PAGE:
(I wrote this essay a few years ago after watching the first ‘Avengers’ movie and before the showing of “Prometheus.” Screenwriters and movie producers have been mining the pages of Mythology and Legend for their movie projects. Both Marvel and DC (and their partners) keep coming out with movies where their resident superheroes either make friends or clash with mythological and legendary characters and creatures. Watch “Wonder Woman” and you’ll see how elements of “Greek Mythology” were fused into the movie. Go watch the latest “Transformers” movie next and find out whether Merlin, King Arthur and the knights of the round table sided with the Autobots or with the Decepticons.)
Recent movies I watched (“Clash of the Titans”, “Thor” and the “Avengers”) have brought me endless amazement. Amazed because my favorite characters in classic literature come alive in fresh story lines stuffed with visual and sound effects that are breathtakingly outstanding and astounding.
But more than the amazement, the said movies also inspired me to revisit the subject in Literature that I have always considered most interesting – Mythology.
Of course we know that the Titans are entities from Greek Mythology. Seemingly, movie producers are casting their lots on the Titans nowadays. “Prometheus” (which is the title of the movie that soon I will be watching) himself is another Titan. What remains to be seen is whether or not in the movie Prometheus plays out his role of stealing the heavenly fire for the benefit of humanity.
Conversely, Thor and Loki, who appeared in both “Thor” and “The Avengers” are both characters in Norse Mythology.
Generally, script writers and movie producers are seemingly mining the pages of Mythology for their movie projects.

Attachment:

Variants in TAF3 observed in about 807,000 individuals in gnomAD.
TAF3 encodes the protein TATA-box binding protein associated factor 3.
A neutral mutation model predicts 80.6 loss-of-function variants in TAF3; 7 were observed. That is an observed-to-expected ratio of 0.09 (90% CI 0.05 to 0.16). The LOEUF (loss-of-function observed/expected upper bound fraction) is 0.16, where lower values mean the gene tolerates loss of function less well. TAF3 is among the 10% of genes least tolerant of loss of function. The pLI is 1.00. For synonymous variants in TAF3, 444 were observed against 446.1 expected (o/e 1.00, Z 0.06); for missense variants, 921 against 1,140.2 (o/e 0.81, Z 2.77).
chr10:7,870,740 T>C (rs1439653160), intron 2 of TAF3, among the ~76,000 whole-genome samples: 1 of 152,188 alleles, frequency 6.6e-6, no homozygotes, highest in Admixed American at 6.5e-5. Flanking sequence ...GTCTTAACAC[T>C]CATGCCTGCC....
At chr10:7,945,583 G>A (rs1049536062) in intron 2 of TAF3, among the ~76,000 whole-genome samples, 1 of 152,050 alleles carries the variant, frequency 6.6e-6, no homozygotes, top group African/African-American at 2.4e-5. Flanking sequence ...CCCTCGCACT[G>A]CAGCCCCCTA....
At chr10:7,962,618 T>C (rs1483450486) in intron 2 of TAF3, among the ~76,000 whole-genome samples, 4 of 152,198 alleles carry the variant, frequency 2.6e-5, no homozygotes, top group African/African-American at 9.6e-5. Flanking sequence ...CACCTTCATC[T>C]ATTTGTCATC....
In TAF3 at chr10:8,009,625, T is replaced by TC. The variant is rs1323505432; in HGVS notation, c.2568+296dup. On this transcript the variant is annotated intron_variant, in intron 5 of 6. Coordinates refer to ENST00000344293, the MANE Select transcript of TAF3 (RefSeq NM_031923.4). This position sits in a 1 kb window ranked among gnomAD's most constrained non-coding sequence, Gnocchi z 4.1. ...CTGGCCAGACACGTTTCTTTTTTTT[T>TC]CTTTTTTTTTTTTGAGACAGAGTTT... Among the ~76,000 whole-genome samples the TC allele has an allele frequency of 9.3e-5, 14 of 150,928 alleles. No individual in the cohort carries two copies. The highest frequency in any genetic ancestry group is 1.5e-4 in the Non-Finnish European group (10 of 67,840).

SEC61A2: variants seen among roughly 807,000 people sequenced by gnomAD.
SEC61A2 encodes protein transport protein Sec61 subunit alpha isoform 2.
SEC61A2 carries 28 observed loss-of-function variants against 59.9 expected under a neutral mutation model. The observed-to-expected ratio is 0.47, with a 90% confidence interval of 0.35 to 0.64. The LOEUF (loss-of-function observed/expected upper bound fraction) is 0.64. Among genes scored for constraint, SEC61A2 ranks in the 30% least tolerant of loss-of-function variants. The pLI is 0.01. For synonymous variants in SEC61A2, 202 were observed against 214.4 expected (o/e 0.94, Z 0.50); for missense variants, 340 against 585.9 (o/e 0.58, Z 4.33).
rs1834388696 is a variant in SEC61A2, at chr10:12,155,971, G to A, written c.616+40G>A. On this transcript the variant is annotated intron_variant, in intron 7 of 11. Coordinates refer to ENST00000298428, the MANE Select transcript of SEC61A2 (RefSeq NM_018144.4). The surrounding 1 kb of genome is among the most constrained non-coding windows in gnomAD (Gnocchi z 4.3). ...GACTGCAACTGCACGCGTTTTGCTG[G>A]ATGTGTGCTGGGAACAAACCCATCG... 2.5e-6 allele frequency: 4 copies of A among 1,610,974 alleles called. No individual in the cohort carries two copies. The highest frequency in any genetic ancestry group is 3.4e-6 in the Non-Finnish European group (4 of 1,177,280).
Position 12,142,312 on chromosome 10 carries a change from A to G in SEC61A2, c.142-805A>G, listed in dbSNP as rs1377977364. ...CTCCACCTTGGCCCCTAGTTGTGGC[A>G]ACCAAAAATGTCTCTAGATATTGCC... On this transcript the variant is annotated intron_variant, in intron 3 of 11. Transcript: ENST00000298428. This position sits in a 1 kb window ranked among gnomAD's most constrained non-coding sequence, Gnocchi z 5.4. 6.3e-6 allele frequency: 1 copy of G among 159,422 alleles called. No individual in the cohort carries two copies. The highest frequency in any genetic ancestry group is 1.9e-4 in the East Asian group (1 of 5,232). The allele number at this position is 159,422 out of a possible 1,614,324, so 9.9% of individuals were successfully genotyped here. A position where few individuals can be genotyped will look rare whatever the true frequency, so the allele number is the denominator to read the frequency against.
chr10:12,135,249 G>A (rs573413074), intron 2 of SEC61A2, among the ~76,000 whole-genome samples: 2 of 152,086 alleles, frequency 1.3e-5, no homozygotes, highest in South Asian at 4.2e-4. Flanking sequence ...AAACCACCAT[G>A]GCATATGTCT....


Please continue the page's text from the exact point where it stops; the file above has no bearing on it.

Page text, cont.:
Movies similar to the aforementioned clearly show how enormous advancement in technology benefited Mythology. There’s nothing now that creative writers can’t describe in their narratives that 3D and 4D computer graphics can’t project unto the silver screen.
The unbelievable visual effects made possible through Computer Graphics Imagery (CGI) thrill movie goers and startle them no end. This is one of the best ways to present Mythology. All those imaginary creatures, out-of-this world settings and incredible circumstances would no longer be left for the audience to imagine but for their eyes to feast upon.
What would be the educational implications of this modern rendition of Mythology?
Teaching the said subject has become easier and learning on the part of the students become more fun. For teachers, the movie versions (or even just a few clips) of stories from the pages of Mythology may serve as their audio-visual materials. Discussions during classes will be greatly augmented by the visuals students see in the movies. Lest we forget that the current generation of learners are visual. The better they learn when presented with images, pictures and colors. With the right movies, they learn while having fun.
It could be true that the movie versions of Mythology may make students disinterested with reading but one thing we should bear in mind is that the learning landscape has changed. Through viewing learning could be achieved as well. Viewing, just like reading , has lately been classified as a macro skill in language also.